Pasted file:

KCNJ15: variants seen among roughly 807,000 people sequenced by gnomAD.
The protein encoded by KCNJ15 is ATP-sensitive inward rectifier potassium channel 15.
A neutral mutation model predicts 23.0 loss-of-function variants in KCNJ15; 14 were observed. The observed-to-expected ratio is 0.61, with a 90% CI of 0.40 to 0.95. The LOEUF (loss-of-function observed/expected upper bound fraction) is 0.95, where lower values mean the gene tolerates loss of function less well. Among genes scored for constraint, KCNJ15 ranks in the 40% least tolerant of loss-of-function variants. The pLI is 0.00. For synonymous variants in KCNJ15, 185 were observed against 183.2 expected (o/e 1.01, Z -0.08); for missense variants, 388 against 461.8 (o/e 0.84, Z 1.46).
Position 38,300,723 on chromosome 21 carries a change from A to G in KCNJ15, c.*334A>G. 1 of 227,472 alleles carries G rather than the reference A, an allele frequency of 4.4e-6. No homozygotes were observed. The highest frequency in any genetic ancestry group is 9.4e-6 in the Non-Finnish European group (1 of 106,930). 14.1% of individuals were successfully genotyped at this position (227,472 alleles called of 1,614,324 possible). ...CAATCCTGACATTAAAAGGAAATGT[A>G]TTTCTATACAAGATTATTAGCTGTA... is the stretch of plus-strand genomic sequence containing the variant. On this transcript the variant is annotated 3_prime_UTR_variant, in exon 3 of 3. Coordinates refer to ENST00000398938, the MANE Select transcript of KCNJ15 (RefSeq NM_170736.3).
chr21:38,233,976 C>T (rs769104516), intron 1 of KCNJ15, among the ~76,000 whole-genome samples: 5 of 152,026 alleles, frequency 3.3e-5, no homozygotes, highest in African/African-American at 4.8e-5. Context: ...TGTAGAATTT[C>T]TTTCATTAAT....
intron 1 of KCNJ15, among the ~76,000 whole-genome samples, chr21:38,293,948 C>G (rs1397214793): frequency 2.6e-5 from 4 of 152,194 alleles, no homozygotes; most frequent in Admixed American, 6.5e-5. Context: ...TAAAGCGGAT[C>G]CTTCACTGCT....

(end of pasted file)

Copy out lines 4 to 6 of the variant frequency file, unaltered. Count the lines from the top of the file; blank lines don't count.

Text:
Position 38,300,723 on chromosome 21 carries a change from A to G in KCNJ15, c.*334A>G. 1 of 227,472 alleles carries G rather than the reference A, an allele frequency of 4.4e-6. No homozygotes were observed. The highest frequency in any genetic ancestry group is 9.4e-6 in the Non-Finnish European group (1 of 106,930). 14.1% of individuals were successfully genotyped at this position (227,472 alleles called of 1,614,324 possible). ...CAATCCTGACATTAAAAGGAAATGT[A>G]TTTCTATACAAGATTATTAGCTGTA... is the stretch of plus-strand genomic sequence containing the variant. On this transcript the variant is annotated 3_prime_UTR_variant, in exon 3 of 3. Coordinates refer to ENST00000398938, the MANE Select transcript of KCNJ15 (RefSeq NM_170736.3).
chr21:38,233,976 C>T (rs769104516), intron 1 of KCNJ15, among the ~76,000 whole-genome samples: 5 of 152,026 alleles, frequency 3.3e-5, no homozygotes, highest in African/African-American at 4.8e-5. Context: ...TGTAGAATTT[C>T]TTTCATTAAT....
intron 1 of KCNJ15, among the ~76,000 whole-genome samples, chr21:38,293,948 C>G (rs1397214793): frequency 2.6e-5 from 4 of 152,194 alleles, no homozygotes; most frequent in Admixed American, 6.5e-5. Context: ...TAAAGCGGAT[C>G]CTTCACTGCT....